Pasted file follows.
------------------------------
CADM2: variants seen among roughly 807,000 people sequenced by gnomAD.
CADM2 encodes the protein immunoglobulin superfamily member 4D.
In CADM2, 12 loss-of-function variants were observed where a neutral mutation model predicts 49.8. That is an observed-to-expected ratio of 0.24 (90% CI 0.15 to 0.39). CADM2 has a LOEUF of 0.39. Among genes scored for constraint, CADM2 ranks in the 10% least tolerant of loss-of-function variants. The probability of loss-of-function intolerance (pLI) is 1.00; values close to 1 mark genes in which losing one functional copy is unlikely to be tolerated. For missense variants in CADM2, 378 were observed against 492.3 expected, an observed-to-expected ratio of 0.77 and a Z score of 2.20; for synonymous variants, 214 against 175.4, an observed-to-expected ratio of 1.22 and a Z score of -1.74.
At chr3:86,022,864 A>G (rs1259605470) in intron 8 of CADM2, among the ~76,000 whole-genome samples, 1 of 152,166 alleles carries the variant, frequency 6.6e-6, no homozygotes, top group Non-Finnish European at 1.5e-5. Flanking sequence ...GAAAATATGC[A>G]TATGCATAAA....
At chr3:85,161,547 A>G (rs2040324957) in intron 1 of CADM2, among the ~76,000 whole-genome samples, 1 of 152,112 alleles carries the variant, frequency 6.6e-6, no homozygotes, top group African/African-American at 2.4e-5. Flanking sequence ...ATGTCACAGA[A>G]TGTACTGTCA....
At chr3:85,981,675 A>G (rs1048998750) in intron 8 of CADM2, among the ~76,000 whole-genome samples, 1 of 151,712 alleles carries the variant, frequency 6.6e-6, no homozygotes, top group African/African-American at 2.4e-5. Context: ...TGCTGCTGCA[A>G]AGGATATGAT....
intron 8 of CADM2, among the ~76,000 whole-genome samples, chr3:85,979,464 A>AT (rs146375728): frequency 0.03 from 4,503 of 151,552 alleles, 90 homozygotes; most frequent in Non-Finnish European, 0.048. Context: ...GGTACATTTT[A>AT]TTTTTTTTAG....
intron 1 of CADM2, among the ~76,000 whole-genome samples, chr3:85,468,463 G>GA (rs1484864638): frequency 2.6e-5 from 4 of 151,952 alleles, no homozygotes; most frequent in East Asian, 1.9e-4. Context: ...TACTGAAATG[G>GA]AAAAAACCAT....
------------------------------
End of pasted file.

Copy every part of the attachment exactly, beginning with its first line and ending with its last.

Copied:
CADM2: variants seen among roughly 807,000 people sequenced by gnomAD.
CADM2 encodes the protein immunoglobulin superfamily member 4D.
In CADM2, 12 loss-of-function variants were observed where a neutral mutation model predicts 49.8. That is an observed-to-expected ratio of 0.24 (90% CI 0.15 to 0.39). CADM2 has a LOEUF of 0.39. Among genes scored for constraint, CADM2 ranks in the 10% least tolerant of loss-of-function variants. The probability of loss-of-function intolerance (pLI) is 1.00; values close to 1 mark genes in which losing one functional copy is unlikely to be tolerated. For missense variants in CADM2, 378 were observed against 492.3 expected, an observed-to-expected ratio of 0.77 and a Z score of 2.20; for synonymous variants, 214 against 175.4, an observed-to-expected ratio of 1.22 and a Z score of -1.74.
At chr3:86,022,864 A>G (rs1259605470) in intron 8 of CADM2, among the ~76,000 whole-genome samples, 1 of 152,166 alleles carries the variant, frequency 6.6e-6, no homozygotes, top group Non-Finnish European at 1.5e-5. Flanking sequence ...GAAAATATGC[A>G]TATGCATAAA....
At chr3:85,161,547 A>G (rs2040324957) in intron 1 of CADM2, among the ~76,000 whole-genome samples, 1 of 152,112 alleles carries the variant, frequency 6.6e-6, no homozygotes, top group African/African-American at 2.4e-5. Flanking sequence ...ATGTCACAGA[A>G]TGTACTGTCA....
At chr3:85,981,675 A>G (rs1048998750) in intron 8 of CADM2, among the ~76,000 whole-genome samples, 1 of 151,712 alleles carries the variant, frequency 6.6e-6, no homozygotes, top group African/African-American at 2.4e-5. Context: ...TGCTGCTGCA[A>G]AGGATATGAT....
intron 8 of CADM2, among the ~76,000 whole-genome samples, chr3:85,979,464 A>AT (rs146375728): frequency 0.03 from 4,503 of 151,552 alleles, 90 homozygotes; most frequent in Non-Finnish European, 0.048. Context: ...GGTACATTTT[A>AT]TTTTTTTTAG....
intron 1 of CADM2, among the ~76,000 whole-genome samples, chr3:85,468,463 G>GA (rs1484864638): frequency 2.6e-5 from 4 of 151,952 alleles, no homozygotes; most frequent in East Asian, 1.9e-4. Context: ...TACTGAAATG[G>GA]AAAAAACCAT....